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Is this what they were talking about that would help the guy who had the buffer stop getting beat up, because the BCG was too deep into the upper or what ever ?

Yes, completely.  I'm heading out in a few minutes to shoot two rifles with this in them - one is starting to get beat up around the edges of the buffer.  Only long-term testing/shooting will confirm, but I have very slight "problems" with one particular rifle.  A small amount of contact, one machining process "not quite right," and my buffer does contact the stop when the rifle if closed/pinned. 

This part will eliminate that problem.

Function check on the rifle (both, actually, with the .308 AR) shows that I can still lock the bolt back manually, and with an empty mag in place, so the extra 0.080" that this piece adds to the length of the BCG doesn't affect rifle function in any negative way.  <thumbsup>

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Function check on the rifle (both, actually, with the .308 AR) shows that I can still lock the bolt back manually, and with an empty mag in place, so the extra 0.080" that this piece adds to the length of the BCG doesn't affect rifle function in any negative way.  <thumbsup>

Yeah, I had to trim a bit off of the buffer so that there was a bit of a gap for the bolt stop. There was a hair of clearance but I wanted a bit more. I am still a bit shy of the gap the instructions recommended but i the part does not do what I wanted then I still have an "almost spec" buffer.

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Well, back from the range, and the results are...  WOW!!!  ;D

BIIIIIG difference in the .308 AR recoil - HUGE!  I went straight to the heavy insert, and that was not a mistake at all.  Felt recoil is radically different.  In 100-yard shots before, the recoil was heavy enough that I couldn't even keep the scope on target to see impact or round placement - not now.  I'm not saying it "eliminates" recoil, but it sure does cut it down.  What an improvement.  <thumbsup>

Now, for the 16" 5.56 gun.  This is a 16" midlength with a Spike's T2 buffer in it already.  It's a soft shooter.  I used the carrier and lighter steel weight in this one, and shot it.  Immense difference.  I was shooting 55gr UMC bulk ammo, so this stuff isn't super high powered or anything.  I decided to try the heavy insert in there just to see if it would function - YES!  With the heavy insert, it barely has felt recoil at all.  I can actually fire, and the scope hardly even "wiggles" on the target.  I was joking about thinking it would recoil like a .22LR, but that's exactly what it does.  I'll try to get video tomorrow in the riverbed shoot-fest we've got happening.  ;D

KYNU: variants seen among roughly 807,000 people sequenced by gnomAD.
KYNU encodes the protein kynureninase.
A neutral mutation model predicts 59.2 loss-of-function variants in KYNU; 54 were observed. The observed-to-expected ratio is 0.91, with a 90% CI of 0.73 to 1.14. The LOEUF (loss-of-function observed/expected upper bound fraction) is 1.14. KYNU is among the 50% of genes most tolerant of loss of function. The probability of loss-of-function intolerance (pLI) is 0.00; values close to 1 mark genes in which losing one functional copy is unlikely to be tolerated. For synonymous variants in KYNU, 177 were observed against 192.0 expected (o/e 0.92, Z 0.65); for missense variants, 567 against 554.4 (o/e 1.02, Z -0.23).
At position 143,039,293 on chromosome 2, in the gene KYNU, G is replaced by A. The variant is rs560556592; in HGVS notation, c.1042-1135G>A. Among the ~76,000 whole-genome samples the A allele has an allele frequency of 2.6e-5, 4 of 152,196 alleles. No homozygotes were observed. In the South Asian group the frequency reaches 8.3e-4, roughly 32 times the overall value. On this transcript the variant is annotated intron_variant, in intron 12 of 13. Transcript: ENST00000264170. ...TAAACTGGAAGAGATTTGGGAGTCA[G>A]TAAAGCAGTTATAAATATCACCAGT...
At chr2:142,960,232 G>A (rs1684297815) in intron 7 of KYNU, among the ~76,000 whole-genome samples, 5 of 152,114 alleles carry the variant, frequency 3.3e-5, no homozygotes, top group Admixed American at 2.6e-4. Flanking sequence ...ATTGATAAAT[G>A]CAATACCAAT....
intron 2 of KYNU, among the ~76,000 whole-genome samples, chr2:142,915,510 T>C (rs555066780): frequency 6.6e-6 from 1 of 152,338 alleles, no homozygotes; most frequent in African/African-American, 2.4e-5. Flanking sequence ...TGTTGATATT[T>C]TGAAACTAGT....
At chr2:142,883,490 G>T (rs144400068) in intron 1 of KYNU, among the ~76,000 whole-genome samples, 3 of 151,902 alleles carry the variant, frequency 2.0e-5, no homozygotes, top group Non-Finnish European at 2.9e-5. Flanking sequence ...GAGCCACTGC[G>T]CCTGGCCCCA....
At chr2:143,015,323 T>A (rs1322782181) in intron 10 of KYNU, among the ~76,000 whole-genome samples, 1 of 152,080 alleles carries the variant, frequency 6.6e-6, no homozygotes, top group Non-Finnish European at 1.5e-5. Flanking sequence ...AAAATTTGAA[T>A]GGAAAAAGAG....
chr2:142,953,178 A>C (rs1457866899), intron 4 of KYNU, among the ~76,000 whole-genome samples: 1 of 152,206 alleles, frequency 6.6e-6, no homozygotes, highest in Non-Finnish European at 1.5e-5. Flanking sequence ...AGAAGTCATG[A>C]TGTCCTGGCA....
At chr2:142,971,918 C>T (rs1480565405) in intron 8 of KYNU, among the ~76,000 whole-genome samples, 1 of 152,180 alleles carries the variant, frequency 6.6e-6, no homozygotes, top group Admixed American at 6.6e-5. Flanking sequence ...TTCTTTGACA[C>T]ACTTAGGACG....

This product is worth every single penny, even if it was double the price. 

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I'll be more interested in what effects it has on his brass & extractor .

Timing or premature extraction can cause the problems he's having . Braking an extractor is on the extreme side of it .

I would look into a tight or rough chamber also.

Whats the round count through this rifle ?

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I'll be more interested in what effects it has on his brass & extractor .

Timing or premature extraction can cause the problems he's having . Braking an extractor is on the extreme side of it .

I would look into a tight or rough chamber also.

Whats the round count through this rifle ?

432 rounds at time of failure. I am off to the range and we shall see what happens.

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I am absolutely beat, my review will be pushed off until tomorrow night after work. It handled the handloads better, but my new extractor has a burr on it which was sort of eating the rim on extraction. It was not too bad, the brass is still usable.

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if all reports come  back positive, and long term testing provides no ill affects, can we get a grooup buy? <munch> i think this would be an item we could generate enough interest among members if it continues to work

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Review is up, I think I have sun stroke so please forgive me if it is scattered about a tad. There is a possibility some of it is in German, Japanese, Spanish, and Gibberish. If so I will correct it later.

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ahhh, not used to folks working like that  ;D

Oh, sorry. I figured it would be easier than having folks dig through multiple pages to find it.  If it needs to be in a new section or something, feel free.